Bob DiBiasio only wanted to do one thing: 'be the PR guy for the Indians.' And that's what he's been doing since 1979.
In Their Words appears Sundays in The Blade's sports section. Sports columnist Dave Hackenberg talked with Bob DiBiasio, the vice president, public relations of the Cleveland Indians.
Bob DiBiasio had a cup of coffee, as they like to say in baseball, in the newspaper business. He was the assistant sports editor of the News-Messenger in Fremont for about six months before he got a chance to live his dream.
DiBiasio is in his 29th season in major league baseball, his 28th with the Cleveland Indians, where he serves as vice president, public relations.
The Indians hired him as an assistant in the PR department in 1979 and he was named the director a year later. After spending just over one year in a similar capacity with the Atlanta Braves, DiBiasio returned to the Indians for good in 1988.
For many years, he oversaw the PR, media relations, and communications efforts while dealing with mostly losing teams - the Tribe lost 100-plus games three times - and small crowds in old, cavernous Municipal Stadium.
But everything changed in the mid-1990s when the Indians found a new home and became an American League power, winning five straight division titles and six in seven years. In 1997, Cleveland lost the World Series to the Florida Marlins in seven games. New Jacobs Field became the place to be in Cleveland and the team hosted an unprecedented 455 straight sellouts.
DiBiasio, a native of Lakewood, Ohio, received degrees in journalism and education from Ohio Wesleyan University and a master's degree in journalism from Ohio State University before his stint in Fremont.
He also serves as president of the Cleveland Indians Charities and on the executive board of the Boys and Girls Clubs of Cleveland. He is married and has two children.
"MY TIME IN Fremont was wonderful. I started in August and Bob Marker, the sports editor, covered Fremont Ross and I jumped right into the job of covering Fremont St. Joe football. They went to the state championship game that year, so that's not bad for my first job. I enjoyed being in the newspaper business but it only lasted about six months.
"You could ask any of my college friends, anybody in the journalism department at Ohio Wesleyan, anybody in my frat house. They all knew that the only thing I wanted to do was be the PR guy for the Cleveland Indians. That was my goal. I was in contact with Harry Jones, the PR man with the Indians, all through college, all through my time working on my master's degree at Ohio State, all the time I was in Fremont, telling him I wanted his job some day.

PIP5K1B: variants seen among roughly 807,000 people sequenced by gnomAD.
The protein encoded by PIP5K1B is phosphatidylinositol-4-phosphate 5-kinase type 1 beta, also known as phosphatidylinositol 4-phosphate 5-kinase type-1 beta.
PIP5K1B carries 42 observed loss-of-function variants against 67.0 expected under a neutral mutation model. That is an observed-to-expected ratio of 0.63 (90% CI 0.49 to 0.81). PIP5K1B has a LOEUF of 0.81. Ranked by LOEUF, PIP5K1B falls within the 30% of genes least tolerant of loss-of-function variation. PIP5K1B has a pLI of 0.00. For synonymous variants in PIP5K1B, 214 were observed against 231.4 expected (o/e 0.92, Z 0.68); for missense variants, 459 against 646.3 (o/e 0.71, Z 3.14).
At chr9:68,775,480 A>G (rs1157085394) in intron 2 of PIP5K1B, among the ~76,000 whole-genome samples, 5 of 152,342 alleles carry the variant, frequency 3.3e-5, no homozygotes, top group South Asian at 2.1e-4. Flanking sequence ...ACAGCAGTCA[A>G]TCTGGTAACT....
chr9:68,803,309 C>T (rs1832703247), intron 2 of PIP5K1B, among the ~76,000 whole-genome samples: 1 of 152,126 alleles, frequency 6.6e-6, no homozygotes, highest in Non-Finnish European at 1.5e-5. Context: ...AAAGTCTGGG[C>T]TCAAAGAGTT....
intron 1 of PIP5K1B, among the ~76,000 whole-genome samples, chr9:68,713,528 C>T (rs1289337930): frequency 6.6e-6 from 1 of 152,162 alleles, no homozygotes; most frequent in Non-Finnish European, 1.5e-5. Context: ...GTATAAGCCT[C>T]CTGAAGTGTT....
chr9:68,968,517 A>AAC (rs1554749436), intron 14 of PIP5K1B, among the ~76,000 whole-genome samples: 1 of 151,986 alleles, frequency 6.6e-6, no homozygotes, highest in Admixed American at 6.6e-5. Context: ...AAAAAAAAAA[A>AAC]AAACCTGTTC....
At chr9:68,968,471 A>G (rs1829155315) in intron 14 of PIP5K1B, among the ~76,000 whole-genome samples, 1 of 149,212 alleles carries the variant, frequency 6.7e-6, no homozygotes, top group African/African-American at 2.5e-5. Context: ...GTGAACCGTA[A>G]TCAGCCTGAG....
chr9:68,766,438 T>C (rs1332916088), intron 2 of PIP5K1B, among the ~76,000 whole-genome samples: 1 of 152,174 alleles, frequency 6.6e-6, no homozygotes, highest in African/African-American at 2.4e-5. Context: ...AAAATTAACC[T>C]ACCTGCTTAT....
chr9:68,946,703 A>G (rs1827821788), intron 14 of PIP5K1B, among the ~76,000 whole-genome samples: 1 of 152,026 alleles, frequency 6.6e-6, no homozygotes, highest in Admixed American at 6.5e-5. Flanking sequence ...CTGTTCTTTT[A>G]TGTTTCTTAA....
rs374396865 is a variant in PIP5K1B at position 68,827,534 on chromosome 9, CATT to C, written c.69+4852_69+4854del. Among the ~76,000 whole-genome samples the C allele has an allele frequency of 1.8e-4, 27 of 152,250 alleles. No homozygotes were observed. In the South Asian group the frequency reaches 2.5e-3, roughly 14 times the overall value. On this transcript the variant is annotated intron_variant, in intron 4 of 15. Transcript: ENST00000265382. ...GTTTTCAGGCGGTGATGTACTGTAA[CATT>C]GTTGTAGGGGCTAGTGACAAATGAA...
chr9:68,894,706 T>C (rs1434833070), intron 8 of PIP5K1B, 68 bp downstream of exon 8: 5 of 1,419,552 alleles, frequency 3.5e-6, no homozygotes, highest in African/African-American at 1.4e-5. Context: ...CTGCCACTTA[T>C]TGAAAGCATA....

"I'll never forget, I was leaving my apartment to go to the St. Joe's gym for a basketball game against Gibsonburg, I think, and Harry called and asked me if I still wanted a job. I started a week later.
"HARRY JONES WAS a nationally known baseball writer covering the Indians for the [Cleveland] Plain Dealer in the 1950s and in the '60s became the Indians TV play-by-play man. When Gabe Paul came from the Yankees to become president of the Indians in the '70s, he wanted a veteran PR guy and hired Harry.
"So I'd been here for a year or so as Harry's assistant, I'm 23 years old, and I'm sitting at my desk one Friday when Harry walked by and said, 'I'm leaving and I won't be back. See you later.' I told him I'd see him Monday and he said, 'No, you won't.' A week later I went to Gabe's office and told him that Harry said he wasn't coming back and, sure enough, he hadn't been in for a week. Another week goes by and Gabe walks in one day and said, 'Hey, kid, you're right. He's not coming back. You're the PR director of the Cleveland Indians. Have fun.'
"There was no handshake, no raise, no further discussion. I didn't take vacation for three years because I didn't want to give Gabe any reason to believe I wasn't prepared for that job at that age. To have a job like this for my hometown team, well, I'm very lucky. And it has been an incredible 30 years, give or take a year.
"THE CHALLENGE in my early years with the team was generating interest and keeping people's attention. It was trying to get players and fans connected, which is the most important bond any sports franchise has. We worked hard at it, but it was difficult. The stadium was a tough situation and we had limited resources because of that. When Mr. [Richard] Jacobs, who owned the franchise at the time, told us a new ballpark was on the horizon and would be a reality, we were all overwhelmed because we knew what it would mean economically.
"We had the same organization and gave the same effort, but now we had the resources to present major league baseball in a first-class manner. We knew we could succeed, we knew we'd create a buzz and turn casual fans into avid fans, but nobody could have imagined 455 straight shutouts. A new ballpark and a winning team, it was like night and day.
"I HAVE TWO favorite moments. The first was Sept. 8, 1995, when we clinched our first division title. What are the odds a team could clinch that early and qualify for the postseason for the first time in 41 years? Yep, it was Sept. 8 and it was my mom and dad's 50th wedding anniversary and they were sitting right behind home plate when I was on the field orchestrating the postgame ceremony. That's as special as it gets.
"The other was in 2001, when we celebrated the 100th anniversary of the franchise. We created a top-100 all-time Indians roster and 42 of the 100 were able to come to Cleveland for a celebratory weekend. They were all on the field on a Sunday afternoon and we had the 42 guys pose for a team picture. I stood back and watched. I realized I knew every one of the guys and considered all of them friends. It was remarkable. It connected everything, the old and the new. And it made me realize what a special career this has been."
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